Phillies Still Have Familiar Holes Despite Crafty Schwarber Signing

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The Phillies made a long anticipated free agent splash this week after signing Kyle Schwarber to a 4-year, $79 million contract. The burly 29-year-old is coming off of a career year with the Nationals and Red Sox, where he slashed .291/.435/.522 with 32 dingers, good for an outstanding 154 OPS+. Schwarber should do wonders for a Phillies offense that had a glaring hole at the top of the order, and with the designated hitter coming to the National League this season he can rotate between left field and DH, masking his suspect glove work. Though a great signing, President of Baseball Operations David Dombrowski still has some holes to address.

The Phillies fanbase has still yet to find out who will man center field in 2022. The position was far from a strength last year as veterans Odúbel Herrera and Travis Jankowski were lackluster, and youngsters Mickey Moniak and Adam Haseley couldn’t put it together at the big-league level.

One noticeable bright spot, however, was rookie Matt Vierling, who put up an .843 OPS over 77 plate appearances. Small sample size aside, there are questions as to whether or not he can hack it at a premium defensive position. With Moniak and Haseley looking ticketed for Triple-A Lehigh Valley to start the year, it seems Manager Joe Girardi will utilize a Herrera/Vierling platoon in center.

It is possible that the Phils get decent production out of one or both players, but there’s a significant chance that center field continues to hold the team back in 2022.

Unfortunately, there aren’t a ton of options left to address this need, as the Tampa Bay Rays are rumored to have too high of an asking price on defensive wizard Kevin Kiermaier, and the remaining free agent pool consists of glove-only Albert Almora, weak-hitting speedsters Billy Hamilton and Jarrod Dyson, and aging veterans Brett Gardner and Kevin Pillar. There are a few stars remaining in trade talks, including Bryan Reynolds and Ramón Laureano, but the prospect capital required to land either one would likely be out of the Phillies price range. Suffice it to say, it looks like they’re stuck with an uninspiring center field platoon.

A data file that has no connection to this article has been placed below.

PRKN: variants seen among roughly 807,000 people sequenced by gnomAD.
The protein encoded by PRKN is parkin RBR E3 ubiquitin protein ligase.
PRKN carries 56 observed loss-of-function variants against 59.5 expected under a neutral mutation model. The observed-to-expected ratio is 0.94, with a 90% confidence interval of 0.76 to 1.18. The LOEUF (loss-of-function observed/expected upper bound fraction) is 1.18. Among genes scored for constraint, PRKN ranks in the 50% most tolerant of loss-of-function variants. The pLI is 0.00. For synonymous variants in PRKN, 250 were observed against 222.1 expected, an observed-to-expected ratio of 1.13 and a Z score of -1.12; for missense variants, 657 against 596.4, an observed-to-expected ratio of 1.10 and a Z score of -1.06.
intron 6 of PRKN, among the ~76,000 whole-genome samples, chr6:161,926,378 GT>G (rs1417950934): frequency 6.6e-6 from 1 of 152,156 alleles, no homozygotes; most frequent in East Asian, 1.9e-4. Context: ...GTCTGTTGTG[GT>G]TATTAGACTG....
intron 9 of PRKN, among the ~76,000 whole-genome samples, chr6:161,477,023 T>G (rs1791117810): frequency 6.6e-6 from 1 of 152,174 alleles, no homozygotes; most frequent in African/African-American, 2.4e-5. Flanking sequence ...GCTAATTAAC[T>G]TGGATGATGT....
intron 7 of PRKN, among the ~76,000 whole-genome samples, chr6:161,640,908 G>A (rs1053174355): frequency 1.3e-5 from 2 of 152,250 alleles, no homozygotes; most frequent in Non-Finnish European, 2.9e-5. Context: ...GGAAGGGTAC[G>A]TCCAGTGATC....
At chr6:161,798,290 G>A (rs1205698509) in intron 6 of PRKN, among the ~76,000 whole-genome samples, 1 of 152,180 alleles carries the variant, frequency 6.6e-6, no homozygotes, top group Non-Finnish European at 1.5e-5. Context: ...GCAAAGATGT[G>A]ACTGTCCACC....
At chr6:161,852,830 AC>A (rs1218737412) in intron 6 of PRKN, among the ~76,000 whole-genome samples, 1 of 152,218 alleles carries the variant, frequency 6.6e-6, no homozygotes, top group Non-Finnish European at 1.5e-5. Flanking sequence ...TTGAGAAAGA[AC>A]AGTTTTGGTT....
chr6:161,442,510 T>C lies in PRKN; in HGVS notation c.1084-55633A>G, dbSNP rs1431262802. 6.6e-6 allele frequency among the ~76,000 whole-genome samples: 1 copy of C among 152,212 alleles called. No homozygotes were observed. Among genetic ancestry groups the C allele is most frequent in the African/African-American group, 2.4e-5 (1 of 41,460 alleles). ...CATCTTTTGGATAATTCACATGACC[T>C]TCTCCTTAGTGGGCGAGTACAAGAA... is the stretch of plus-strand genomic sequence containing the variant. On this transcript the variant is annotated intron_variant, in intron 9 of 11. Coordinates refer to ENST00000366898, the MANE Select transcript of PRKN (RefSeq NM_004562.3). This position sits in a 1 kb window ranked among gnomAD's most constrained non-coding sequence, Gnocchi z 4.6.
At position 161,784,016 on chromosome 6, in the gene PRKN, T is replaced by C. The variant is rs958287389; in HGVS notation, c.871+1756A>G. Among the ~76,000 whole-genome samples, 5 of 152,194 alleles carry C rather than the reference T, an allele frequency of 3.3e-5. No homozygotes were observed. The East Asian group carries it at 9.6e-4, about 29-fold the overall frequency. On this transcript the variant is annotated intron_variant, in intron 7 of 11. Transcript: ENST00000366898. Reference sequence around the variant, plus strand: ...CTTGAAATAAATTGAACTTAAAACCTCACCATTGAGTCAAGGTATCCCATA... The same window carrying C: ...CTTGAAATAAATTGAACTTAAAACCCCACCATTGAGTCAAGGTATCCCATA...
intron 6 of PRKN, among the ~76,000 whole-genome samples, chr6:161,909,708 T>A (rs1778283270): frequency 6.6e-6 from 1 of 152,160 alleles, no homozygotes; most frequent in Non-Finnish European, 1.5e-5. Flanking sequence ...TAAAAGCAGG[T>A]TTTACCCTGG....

Center field also isn’t the only problem, as the Phillies made improvements around the margins to an uninspiring pitching staff, but still have plenty of holes to fill. Dombrowski added former All-Stars Corey Knebel, Brad Hand and Jeurys Familia to their blow up-prone bullpen, but all three have battled injuries or ineffectiveness in recent years. Additionally, the team let reliable right-hander Archie Bradley walk, as he signed a one year $3.75 million deal with the Angels.

Dombrowski should be commended for addressing the pen, even if all three veterans are on one-year pacts. However, the starting rotation remains completely devoid of depth, as co-aces Zack Wheeler and Aaron Nola will be followed by last season’s breakout Phillie Ranger Suarez and innings eater Kyle Gibson.

That top four by itself is actually quite good, but the real problem lies beyond that. We all know that pitching arms are fragile things, and an injury to any of them could put the Phils in real danger. Groundball specialist Zach Eflin is recovering from knee surgery and has an uncertain timeline, and the projected fifth starter as of now is well-regarded prospect Hans Crouse. Potential reinforcements from Triple-A aren’t terribly inspiring, as young southpaws Bailey Falter and Cristopher Sánchez struggled in their first tastes of the majors last year, and it’s somewhat of a black hole beyond that.

There are a few names to watch, as 25-year-old righty James McArthur should get his first chance at big league action this season, and young international hurlers Josh Hendrickson from Australia and Kyle Glogoski of New Zealand look to make good on the organization’s scouting emphasis in Oceania.

All in all, the Phillies have made some necessary moves this offseason, and they deserve praise for that. However, the club entered 2022 with more than a few major issues, and only some of them have been addressed.

IF everything goes right and Didi Gregorius and Alec Bohm bounce back, and IF Matt Vierling improves upon his solid debut, and IF Ranger Suarez remains lights out over a full season’s workload, and IF the bullpen can slam the door in the late innings instead of blowing it wide open, and IF the starting rotation stays healthy; then this team can play meaningful baseball well into October. But that is a heck of a lot of ifs, and only a few of them need to go wrong for this team to be in a world of hurt.

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